Revista de Osteoporosis y Metabolismo Mineral

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Author: Romm

Hypercalcemia and autoimmune diseases

Hypercalcemia is a very common water-electrolyte imbalance found in daily clinical practice. It is defined as the presence of a serum calcium concentration greater than 2 standard deviations from the mean laboratory value, which is usually 10.6 mg/dL [1].
From the pathophysiological point of view, high levels of calcium in the blood increase the difference in electrical potential between cell membranes, which increases the depolarization threshold. Clinically, hypercalcemia may present a very wide spectrum that can range from a certain muscle weakness to depression and even coma and death, and this depends on several factors such as the severity of hypercalcemia, the speed of its onset and other circumstances specific to the patient, such as age, comorbidity and medication received [1]. Therefore, it is not surprising that two patients with the same high serum calcium values present completely different symptoms.

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Hypercalcemia in patients with rheumatoid arthritis: a retrospective study

Hypercalcemia is a relatively common clinical problem and a frequent laboratory finding, both in hospital and out-of-hospital practice. Calcium ions play a critical role in many cellular functions. Parathyroid hormone (PTH) and vitamin D are the most important hormones for regulating calcium. The main sources of serum calcium are intestinal absorption, stimulated by active vitamin D metabolites, and bone resorption, usually stimulated by PTH. Therefore, hypercalcemia can be classified as PTH-dependent (due to increased secretion of PTH by the parathyroid glands) and independent of PTH. The latter cases are attributable to increased bone resorption and/or increased intestinal absorption of calcium, induced by factors other than PTH. Among them, PTH-related protein (PTHrP) and locally produced cytokines are factors that often cause hypercalcemia in cancer patients [1]. Unregulated extrarenal synthesis of 1,25-dihydroxyvitamin D can also cause hypercalcemia, particularly in patients with chronic granulomatous disorders and in some patients with lymphoma [2].

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Association of biochemical parameters of bone metabolism with progression and/or development of new aortic calcifications

Atherosclerosis, arteriosclerosis, vascular calcification and osteoporosis are common age-related disorders associated with high morbidity and mortality [1,2]. Due to the increased life expectancy in the Spanish population, these disorders are expected to become more and more frequent in the coming decades. Although recent work has been carried out on the development of non-invasive techniques for the early detection of vascular calcifications, such as pulse wave velocity and non-contrast carotid ultrasound, serum biochemical parameters continue to be the most widely used option for monitoring patients with bone metabolic disorders [3-5].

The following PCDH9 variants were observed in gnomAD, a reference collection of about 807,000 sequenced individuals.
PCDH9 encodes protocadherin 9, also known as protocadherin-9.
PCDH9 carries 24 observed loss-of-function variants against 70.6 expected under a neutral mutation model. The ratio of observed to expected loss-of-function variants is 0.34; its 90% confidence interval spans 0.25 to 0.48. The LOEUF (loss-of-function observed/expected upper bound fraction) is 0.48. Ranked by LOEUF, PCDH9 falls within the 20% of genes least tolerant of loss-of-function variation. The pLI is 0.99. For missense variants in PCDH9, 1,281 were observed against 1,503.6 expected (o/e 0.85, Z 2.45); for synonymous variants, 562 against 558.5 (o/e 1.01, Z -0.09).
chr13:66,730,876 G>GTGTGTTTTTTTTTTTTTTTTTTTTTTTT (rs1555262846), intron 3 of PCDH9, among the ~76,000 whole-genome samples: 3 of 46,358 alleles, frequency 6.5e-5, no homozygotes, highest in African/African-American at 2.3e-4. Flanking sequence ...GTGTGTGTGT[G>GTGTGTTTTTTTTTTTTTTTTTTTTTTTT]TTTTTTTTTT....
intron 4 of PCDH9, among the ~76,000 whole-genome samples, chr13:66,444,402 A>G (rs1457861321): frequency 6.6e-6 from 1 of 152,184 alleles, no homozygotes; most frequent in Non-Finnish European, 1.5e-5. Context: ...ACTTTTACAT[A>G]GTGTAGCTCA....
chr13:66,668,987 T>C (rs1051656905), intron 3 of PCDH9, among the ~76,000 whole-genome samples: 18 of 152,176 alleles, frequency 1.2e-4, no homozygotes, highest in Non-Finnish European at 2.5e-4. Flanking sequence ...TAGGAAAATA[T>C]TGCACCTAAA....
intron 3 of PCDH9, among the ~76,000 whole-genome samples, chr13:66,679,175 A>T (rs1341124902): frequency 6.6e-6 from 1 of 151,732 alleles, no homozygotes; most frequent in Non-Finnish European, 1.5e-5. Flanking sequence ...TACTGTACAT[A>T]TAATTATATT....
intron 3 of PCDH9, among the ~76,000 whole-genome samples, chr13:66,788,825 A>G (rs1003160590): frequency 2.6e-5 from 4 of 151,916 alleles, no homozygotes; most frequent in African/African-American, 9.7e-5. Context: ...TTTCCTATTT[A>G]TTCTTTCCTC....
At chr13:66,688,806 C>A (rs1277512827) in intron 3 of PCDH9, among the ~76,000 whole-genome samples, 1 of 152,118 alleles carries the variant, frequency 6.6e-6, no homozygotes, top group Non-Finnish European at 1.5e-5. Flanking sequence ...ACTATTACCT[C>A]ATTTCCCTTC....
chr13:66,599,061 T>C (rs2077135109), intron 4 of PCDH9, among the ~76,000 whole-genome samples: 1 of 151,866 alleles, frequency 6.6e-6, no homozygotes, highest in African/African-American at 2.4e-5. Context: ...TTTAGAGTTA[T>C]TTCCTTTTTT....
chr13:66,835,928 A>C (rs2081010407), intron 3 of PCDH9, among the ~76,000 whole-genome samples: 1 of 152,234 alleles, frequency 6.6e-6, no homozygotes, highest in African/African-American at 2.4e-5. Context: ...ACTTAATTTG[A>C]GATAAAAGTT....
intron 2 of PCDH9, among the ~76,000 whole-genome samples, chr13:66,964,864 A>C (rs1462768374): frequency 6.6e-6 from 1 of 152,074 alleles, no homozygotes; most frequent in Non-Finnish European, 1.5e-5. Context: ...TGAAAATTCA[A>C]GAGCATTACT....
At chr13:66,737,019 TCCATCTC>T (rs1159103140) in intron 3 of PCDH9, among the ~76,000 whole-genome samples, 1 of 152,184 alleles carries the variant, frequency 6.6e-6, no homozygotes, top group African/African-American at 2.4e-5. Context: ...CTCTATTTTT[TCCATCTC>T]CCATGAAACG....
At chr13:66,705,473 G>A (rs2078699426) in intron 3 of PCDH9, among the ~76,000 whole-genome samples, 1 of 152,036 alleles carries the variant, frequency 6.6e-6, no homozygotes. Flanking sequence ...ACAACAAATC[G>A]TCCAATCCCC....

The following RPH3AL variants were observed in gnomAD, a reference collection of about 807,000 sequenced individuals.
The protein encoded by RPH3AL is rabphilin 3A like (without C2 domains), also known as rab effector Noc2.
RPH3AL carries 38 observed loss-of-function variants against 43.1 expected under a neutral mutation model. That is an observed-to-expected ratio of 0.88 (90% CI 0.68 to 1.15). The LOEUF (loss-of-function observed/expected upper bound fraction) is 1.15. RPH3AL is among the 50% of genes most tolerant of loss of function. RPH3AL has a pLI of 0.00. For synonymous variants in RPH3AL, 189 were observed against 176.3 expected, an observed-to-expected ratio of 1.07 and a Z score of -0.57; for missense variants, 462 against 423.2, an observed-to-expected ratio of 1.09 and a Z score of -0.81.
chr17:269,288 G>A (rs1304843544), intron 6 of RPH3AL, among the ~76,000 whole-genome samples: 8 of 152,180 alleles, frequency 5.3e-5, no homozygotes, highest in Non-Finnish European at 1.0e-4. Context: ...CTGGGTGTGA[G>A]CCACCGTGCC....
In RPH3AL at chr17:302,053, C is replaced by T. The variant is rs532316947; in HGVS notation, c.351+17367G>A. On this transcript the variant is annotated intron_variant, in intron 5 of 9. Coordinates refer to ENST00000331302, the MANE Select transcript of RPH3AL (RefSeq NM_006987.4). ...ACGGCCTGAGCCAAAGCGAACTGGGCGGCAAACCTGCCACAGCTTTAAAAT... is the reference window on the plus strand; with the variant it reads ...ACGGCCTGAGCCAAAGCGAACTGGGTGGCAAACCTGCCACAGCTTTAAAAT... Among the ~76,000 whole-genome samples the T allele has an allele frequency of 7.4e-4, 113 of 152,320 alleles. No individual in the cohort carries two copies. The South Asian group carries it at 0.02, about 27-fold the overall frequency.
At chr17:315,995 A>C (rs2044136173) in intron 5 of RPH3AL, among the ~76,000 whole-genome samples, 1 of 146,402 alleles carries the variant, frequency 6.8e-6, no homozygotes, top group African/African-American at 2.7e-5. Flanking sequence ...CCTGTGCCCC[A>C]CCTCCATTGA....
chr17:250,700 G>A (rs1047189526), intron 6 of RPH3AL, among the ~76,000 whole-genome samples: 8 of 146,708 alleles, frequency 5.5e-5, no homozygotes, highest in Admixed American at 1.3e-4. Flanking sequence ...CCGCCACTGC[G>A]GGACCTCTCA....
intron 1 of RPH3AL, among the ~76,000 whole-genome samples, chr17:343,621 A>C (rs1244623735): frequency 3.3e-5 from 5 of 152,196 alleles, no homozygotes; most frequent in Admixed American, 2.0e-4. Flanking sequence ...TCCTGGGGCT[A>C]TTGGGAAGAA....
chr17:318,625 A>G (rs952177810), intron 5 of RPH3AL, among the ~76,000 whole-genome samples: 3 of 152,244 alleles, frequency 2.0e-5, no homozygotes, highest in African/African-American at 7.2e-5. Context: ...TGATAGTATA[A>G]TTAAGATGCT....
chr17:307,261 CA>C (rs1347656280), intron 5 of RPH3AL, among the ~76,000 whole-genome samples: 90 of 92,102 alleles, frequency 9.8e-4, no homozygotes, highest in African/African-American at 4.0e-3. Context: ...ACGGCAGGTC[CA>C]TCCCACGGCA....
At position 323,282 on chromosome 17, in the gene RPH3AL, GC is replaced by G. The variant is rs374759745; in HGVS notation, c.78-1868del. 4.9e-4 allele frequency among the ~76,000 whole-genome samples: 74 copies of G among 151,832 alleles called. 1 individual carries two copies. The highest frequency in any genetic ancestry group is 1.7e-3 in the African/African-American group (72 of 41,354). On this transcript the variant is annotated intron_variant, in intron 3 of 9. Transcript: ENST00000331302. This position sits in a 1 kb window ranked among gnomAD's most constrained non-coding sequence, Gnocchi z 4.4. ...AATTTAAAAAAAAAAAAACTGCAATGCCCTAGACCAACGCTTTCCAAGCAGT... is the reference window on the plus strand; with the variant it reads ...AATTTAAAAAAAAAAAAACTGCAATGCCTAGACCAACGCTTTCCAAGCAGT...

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Search for variants of the LRP4 gene in women with high bone mass and in patients with Chiari type I malformation

The Wnt signalling pathway is involved in a wide range of processes, including bone development and homeostasis [1]. In accordance with this, mutations have been identified in various components of the Wnt pathway that cause different musculoskeletal diseases [2]. The canonical Wnt pathway begins with the formation of a heterotrimeric complex between a co-receptor, LRP5/6, a ligand, WNT, and a receptor, FZD, which produces an accumulation of β-catenin that, once in the nucleus will activate the transcription of numerous important target genes for bone [1]. This activation is finely regulated by a series of extracellular inhibitors such as DKK1 and sclerostin that bind to LRP5/6, preventing the formation of the heterotrimeric complex. For DKK1 and sclerostin to exert their inhibitory activity, they must form another heterotrimeric complex with LRP5 and KREMEN1/2 or LRP4, respectively. Although in the case of DKK1 the presence of KREMEN does not seem to be necessary to carry out a correct inhibition, the presence of LRP4 is essential for the inhibitory function of sclerostin [3,4].

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The cut-out phenomenon in intertrochanteric femur fracture: analysis using a finite element model

Proximal extremity fractures of the femur are a very common problem in today’s society and of great importance as there has been an increased incidence in the population. This increase is explained by the longer life expectancy in recent years, thus increasing the elderly population and, therefore, related diseases. This is particularly relevant in Spain which has, of late, seen a severe aging of the population [1].
Several epidemiological studies describe the incidence of hip fracture in Spain. In most cases these are local studies and carried out over short periods of time. National studies have been carried out, although to a lesser extent [2]. According to the Ministry of Health and Social Policy’s 2010 report “Hip fracture care in the hospitals of the National Health System” [3], a total of 487,973 cases of fracture were recorded between 1997 and 2008. In these figures and in those carried out in various local studies2, a predominance of cases in the female sex and an increase in the incidence in age over the years has been found.

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920191101-en
Clinical Notes
Committees
Editorial
English
Index of Authors
Index of Communications
Letter to the Director
Oral Communications
Original Articles
Osteology images
Position Paper
Poster Communications
Presentation
Reviews
SIBOMM News
Special Article
Special Documents

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